He spent his time there participating in the “fantastic” industry development program which included masterclasses from international speakers, attending private events with producers he’s worked with before, and wandering the marketplace to get a handle on how it works, ready for the next time he attends.

Travis also met with sales agents and distribution companies to discuss his current slate, which includes two feature films, one with some “deadly stars” already attached and another called Corrugated that he is writing now.  

Having returned from Cannes just in time for National Reconciliation Week, Travis says it represents a significant opportunity for First Nations engagement.

“It’s important that this week exists as a baseline for First Nations engagement. It won’t solve everything, but it will help with the general population’s understanding, economic participation, recognition, cultural awareness and acceptance,” he said. 

Josh Trevorrow

Producer, director and documentary filmmaker Josh Trevorrow is a proud Ngarrindjeri man who says his “mandate is to champion First Nations talent”.

Josh got his start in screen in 2019 through the SAFC and Screen Territory’s Centralised program, an initiative supporting First Nations filmmakers and screen creatives in South Australia and the Northern Territory, later going on to work as an attachment in the electrics department on 2021 blockbuster Mortal Kombat. He was awarded the 2021 Documentary Australia Centralised Indigenous Fellowship, developing his documentary Kondoli, which he produced and co-directed along with documentary Keep Yarning Strong. Josh was shortlisted for the 2022 SAFC, AFF and Screen Australia Film Lab: New Voices program and in 2023 his project Blak Coffee was selected for the Screen Australia SBS Digital Originals development initiative. He has also worked as a short film programmer, including for the Art Gallery of South Australia and for Country Arts South Australia’s Nunga Screen.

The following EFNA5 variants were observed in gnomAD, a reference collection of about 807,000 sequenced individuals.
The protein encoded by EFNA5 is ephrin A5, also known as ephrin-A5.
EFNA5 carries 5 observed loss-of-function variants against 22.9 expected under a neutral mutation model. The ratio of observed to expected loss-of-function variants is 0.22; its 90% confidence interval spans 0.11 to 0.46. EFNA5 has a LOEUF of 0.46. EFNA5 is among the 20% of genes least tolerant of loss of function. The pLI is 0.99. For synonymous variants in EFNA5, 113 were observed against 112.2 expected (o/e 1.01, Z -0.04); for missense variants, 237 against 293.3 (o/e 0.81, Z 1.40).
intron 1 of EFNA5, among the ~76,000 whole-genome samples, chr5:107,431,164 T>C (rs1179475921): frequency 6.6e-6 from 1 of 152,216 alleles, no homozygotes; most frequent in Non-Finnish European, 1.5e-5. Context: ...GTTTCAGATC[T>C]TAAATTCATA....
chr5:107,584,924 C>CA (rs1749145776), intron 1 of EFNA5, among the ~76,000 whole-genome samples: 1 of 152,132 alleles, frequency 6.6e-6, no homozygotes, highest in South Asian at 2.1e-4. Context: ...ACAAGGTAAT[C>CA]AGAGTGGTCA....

Josh Trevorrow at the SAFC’s Adelaide Studios.

Josh now helms South Australian production company Untold Productions and is currently working on “a slate of various projects across both scripted and unscripted formats in both short and long form, feature and episodical formats”.

Josh says his favourite thing about working in the South Australian screen industry is “the opportunity to elevate First Nations voices and share our uniquely South Australian stories”. He has a particular passion for authenticity: “I admire any filmmaker who stays true to their vision through authenticity and being genuine,” he says.

Josh says his main aim in Cannes was to “strengthen my networks”. He networked with other filmmakers and met with sales agents, distributors and festival directors and returned with greater pitching experience – “and jet lag”, he laughs.

He found the culture of Cannes to be a real highlight of the trip, immersing himself in the “unique and vibrant atmosphere”.

Reflecting on National Reconciliation Week, Josh said it was a particularly important week for his short film program Nunga Screen, at Country Arts South Australia, which tours the state between NRW and NAIDOC Week.

Nara Wilson

Producer Nara Wilson is a proud Wirangu, Kokatha and Larrakia woman who lives and works on Peramangk country in Mount Barker, South Australia.